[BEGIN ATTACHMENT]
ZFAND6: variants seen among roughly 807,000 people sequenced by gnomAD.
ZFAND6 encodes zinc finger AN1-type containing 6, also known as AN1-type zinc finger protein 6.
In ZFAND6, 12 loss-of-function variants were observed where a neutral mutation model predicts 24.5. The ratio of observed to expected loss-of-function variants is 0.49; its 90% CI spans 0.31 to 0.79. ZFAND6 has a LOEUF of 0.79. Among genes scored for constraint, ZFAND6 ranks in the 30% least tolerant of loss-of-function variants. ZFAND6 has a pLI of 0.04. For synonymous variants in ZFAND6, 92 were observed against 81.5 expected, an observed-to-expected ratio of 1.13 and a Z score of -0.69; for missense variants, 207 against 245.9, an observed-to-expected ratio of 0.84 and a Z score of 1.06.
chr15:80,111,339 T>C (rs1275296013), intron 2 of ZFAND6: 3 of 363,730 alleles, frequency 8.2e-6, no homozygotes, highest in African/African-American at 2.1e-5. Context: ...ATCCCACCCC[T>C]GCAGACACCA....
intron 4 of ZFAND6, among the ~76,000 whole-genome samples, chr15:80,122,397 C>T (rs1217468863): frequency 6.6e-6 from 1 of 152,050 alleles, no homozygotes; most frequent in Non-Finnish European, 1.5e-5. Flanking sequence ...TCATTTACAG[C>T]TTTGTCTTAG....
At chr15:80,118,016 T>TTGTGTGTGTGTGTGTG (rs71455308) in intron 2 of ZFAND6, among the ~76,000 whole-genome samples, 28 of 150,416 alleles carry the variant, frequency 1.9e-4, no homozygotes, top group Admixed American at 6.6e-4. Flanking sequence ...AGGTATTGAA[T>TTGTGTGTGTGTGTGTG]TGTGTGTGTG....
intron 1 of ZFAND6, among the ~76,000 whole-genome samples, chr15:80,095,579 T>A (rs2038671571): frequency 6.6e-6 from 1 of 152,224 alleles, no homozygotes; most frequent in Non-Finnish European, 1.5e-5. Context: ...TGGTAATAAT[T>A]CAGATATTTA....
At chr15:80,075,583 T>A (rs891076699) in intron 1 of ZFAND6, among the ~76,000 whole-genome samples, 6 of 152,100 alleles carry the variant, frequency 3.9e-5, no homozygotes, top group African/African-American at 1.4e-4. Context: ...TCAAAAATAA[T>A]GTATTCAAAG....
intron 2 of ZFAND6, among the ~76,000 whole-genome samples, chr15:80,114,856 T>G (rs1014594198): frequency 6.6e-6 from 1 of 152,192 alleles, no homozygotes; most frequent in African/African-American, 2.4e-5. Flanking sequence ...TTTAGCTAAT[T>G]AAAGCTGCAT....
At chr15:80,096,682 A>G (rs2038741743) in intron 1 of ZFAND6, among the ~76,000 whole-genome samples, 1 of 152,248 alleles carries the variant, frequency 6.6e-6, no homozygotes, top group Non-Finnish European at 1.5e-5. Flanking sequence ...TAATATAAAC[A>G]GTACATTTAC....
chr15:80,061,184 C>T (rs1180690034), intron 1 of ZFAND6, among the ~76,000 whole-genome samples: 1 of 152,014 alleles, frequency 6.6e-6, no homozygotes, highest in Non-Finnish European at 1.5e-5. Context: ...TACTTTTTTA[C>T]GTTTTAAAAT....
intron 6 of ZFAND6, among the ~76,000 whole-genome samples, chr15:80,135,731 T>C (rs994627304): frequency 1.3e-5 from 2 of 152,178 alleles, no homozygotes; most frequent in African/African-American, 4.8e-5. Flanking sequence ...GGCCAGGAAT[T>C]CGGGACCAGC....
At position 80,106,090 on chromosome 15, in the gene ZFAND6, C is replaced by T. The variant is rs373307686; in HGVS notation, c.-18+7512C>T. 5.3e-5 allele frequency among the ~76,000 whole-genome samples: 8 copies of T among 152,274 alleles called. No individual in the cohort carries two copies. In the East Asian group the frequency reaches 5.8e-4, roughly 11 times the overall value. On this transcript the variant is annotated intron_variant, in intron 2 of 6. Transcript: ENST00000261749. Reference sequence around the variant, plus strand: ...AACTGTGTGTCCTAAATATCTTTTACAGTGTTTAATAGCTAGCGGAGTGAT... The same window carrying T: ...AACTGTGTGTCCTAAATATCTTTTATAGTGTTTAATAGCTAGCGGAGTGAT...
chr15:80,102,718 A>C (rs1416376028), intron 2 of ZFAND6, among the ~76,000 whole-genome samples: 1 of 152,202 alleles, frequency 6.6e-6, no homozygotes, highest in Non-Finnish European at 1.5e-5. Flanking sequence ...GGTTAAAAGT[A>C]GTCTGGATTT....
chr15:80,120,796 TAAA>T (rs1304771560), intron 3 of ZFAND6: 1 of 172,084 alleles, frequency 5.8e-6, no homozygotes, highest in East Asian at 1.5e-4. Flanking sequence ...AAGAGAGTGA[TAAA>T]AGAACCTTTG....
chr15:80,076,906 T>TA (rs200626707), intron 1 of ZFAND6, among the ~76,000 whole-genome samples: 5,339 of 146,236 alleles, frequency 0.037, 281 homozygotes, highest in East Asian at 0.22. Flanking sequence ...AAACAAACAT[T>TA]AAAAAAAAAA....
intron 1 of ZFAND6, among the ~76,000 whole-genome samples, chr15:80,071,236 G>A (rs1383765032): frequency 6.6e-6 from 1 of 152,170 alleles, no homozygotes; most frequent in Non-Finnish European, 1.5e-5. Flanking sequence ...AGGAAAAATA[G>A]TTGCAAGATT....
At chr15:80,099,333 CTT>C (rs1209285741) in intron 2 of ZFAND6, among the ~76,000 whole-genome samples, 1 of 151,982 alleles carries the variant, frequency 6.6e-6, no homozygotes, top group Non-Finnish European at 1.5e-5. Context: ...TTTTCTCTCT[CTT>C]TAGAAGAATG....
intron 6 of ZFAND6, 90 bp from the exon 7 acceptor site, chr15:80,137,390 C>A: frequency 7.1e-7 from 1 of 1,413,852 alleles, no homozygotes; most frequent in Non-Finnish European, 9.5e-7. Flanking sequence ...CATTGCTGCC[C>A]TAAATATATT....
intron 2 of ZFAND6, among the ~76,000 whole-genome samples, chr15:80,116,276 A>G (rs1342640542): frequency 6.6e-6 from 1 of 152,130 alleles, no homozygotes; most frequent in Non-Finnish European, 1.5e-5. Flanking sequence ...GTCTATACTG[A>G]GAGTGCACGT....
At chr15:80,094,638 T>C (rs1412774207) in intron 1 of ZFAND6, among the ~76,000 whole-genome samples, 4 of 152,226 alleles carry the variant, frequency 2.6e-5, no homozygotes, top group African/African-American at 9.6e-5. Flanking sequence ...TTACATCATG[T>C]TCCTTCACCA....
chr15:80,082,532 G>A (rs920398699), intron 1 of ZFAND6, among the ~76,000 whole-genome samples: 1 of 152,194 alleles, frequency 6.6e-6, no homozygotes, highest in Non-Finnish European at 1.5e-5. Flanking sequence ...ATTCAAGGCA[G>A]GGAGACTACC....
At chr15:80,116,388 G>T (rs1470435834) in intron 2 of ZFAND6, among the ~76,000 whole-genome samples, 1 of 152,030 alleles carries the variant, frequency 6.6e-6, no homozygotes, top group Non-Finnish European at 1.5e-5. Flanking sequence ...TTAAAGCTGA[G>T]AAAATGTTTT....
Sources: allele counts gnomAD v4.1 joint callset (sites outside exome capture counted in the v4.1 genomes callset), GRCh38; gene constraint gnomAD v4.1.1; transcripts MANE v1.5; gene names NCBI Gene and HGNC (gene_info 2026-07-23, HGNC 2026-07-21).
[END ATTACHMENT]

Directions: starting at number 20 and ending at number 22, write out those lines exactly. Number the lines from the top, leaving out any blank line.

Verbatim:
intron 2 of ZFAND6, among the ~76,000 whole-genome samples, chr15:80,116,276 A>G (rs1342640542): frequency 6.6e-6 from 1 of 152,130 alleles, no homozygotes; most frequent in Non-Finnish European, 1.5e-5. Flanking sequence ...GTCTATACTG[A>G]GAGTGCACGT....
At chr15:80,094,638 T>C (rs1412774207) in intron 1 of ZFAND6, among the ~76,000 whole-genome samples, 4 of 152,226 alleles carry the variant, frequency 2.6e-5, no homozygotes, top group African/African-American at 9.6e-5. Flanking sequence ...TTACATCATG[T>C]TCCTTCACCA....
chr15:80,082,532 G>A (rs920398699), intron 1 of ZFAND6, among the ~76,000 whole-genome samples: 1 of 152,194 alleles, frequency 6.6e-6, no homozygotes, highest in Non-Finnish European at 1.5e-5. Flanking sequence ...ATTCAAGGCA[G>A]GGAGACTACC....